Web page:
Anagram: a word, phrase, or sentence formed from another by rearranging its letters
Christo: Christ in Latin; a person will flinch at the word if possessed.
Conjuration: the act of calling on or invoking a sacred name; an incantation or magical charm
Corporeal: of the nature of the physical body; bodily; material; tangible
Coulrophobia: fear of clowns
Crossroads: a place where two roads cross at or about at right angles, otherwise known as "the forks of the road"; it is the subject of religious and folkloric belief all around the world. The crossroads ritual is currently best known in popular American culture through the recent acceptance of a spurious legend that the famous 1930s blues singer Robert Johnson claimed that he had learned how to play guitar by selling his soul to the devil at the crossroads, somewhere in Mississippi. In truth, the blues singer who publicly made this claim was Robert's rather less-well-known contemporary and friend Tommy Johnson, not related to Robert. Tommy Johnson is remembered for his classic recording of "Maggie Campbell Blues." LeDell Johnson, Tommy Johnson's brother, spoke with the blues scholar David Evans about Tommy's sudden guitar playing skill and Tommy's claims about it. His account of the ritual is typical of others collected throughout the South. In Supernatural, ingredients including a black cat bone, graveyard dirt, and a picture of yourself are put in a small metal box and buried at a crossroads. A demon will appear and bargain with you, giving you almost anything you want in exchange for your soul.
Curse Box: a box used to store cursed items, containing the magic within them.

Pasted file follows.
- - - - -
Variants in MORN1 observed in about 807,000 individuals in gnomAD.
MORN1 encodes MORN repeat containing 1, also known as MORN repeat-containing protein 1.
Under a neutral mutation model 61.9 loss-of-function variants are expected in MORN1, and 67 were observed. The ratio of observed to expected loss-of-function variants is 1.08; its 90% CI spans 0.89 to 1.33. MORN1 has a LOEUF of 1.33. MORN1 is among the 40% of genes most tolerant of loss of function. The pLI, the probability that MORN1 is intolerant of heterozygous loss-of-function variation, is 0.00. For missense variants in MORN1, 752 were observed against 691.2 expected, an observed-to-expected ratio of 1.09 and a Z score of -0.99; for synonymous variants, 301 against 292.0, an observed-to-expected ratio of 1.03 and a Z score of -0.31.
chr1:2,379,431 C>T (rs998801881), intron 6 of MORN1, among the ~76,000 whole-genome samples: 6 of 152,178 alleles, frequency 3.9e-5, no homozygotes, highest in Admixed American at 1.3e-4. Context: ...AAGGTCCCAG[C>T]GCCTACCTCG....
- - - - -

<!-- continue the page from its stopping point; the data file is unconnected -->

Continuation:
Demonic Omens: signs of a demonic presence in an area; examples are lightning storms, cattle mutilations, and temperature fluctuations.
Devil's Gate: a door to hell located on our plane, somewhere on Earth; in Supernatural, one was opened and released hundreds of demons.
EMF: Electro-magnetic field reader
ESP: extrasensory perception: perception or communication outside of normal sensory capability, as in telepathy and clairvoyance.
Ectoplasm: the outer portion of the cytoplasm of a cell; visible substance believed to emanate from the body of a spiritualistic medium during communication with the dead
Electronic Voice Phenomenon: sections of static on the radio or on electronic recording media that some persons interpret to be the sound of voices
Gris-gris bag: a Voodoo amulet that protects the wearer from evil or brings luck
Heptagram: The protective circle used to trap Meg in Devil's Trap contains a Heptagram (also known as a septagram, septacle, or seal of babalon), with a hexagon, two circles. The scorpion in the centre is the fifth pentacle of Mars, about which the Key of Solomon says: Write thou this pentacle upon virgin parchment or paper, because it is terrible unto the demons, and at its sight and aspect they will obey thee, for they cannot resist its presence.
The design as a whole forms the Great Pentacle: It should be written on sheepskin paper or virgin parchment, the which paper should be tinted green. The circle with the 72 divine letters should be red or the letters may be gold. The letters within the pentacle should be the same red, or sky blue everywhere, with the great name of God in gold. It serves to convene all spirits; when shown to them they will bow and obey you.
The protective circle in Sam's copy of the Key of Solomon.A Heptagram is a seven-pointed star drawn in one continuous line, in the manner of the five-pointed Pentagram. It can be found in the holy seal of the Brotherhood of the Silver Star, and its history as a protective design has led to the the seven-sided shape of most sheriff's badges.
The Heptagram is also found in Western kabbalah, where it can be a symbol of the seven notes of music, the seven colours of a rainbow, the seven planets, the seven alchemical metals, the seven days of the week, and the sphere of Netzach.
Wiccans of the Faery tradition and the Blue Star Wicca tradition also consider the symbol sacred. In more recent years, Otherkin have adopted the design.
Hoodoo/Voodoo: Hoodoo is a form of predominantly African American traditional folk magic. Also known as conjure, it is a rich magical tradition that developed from the merging of a number of separate cultures and magical traditions. Voodoo is a religious tradition originating in West Africa, which became prominent in the New World due to the importation of African slaves.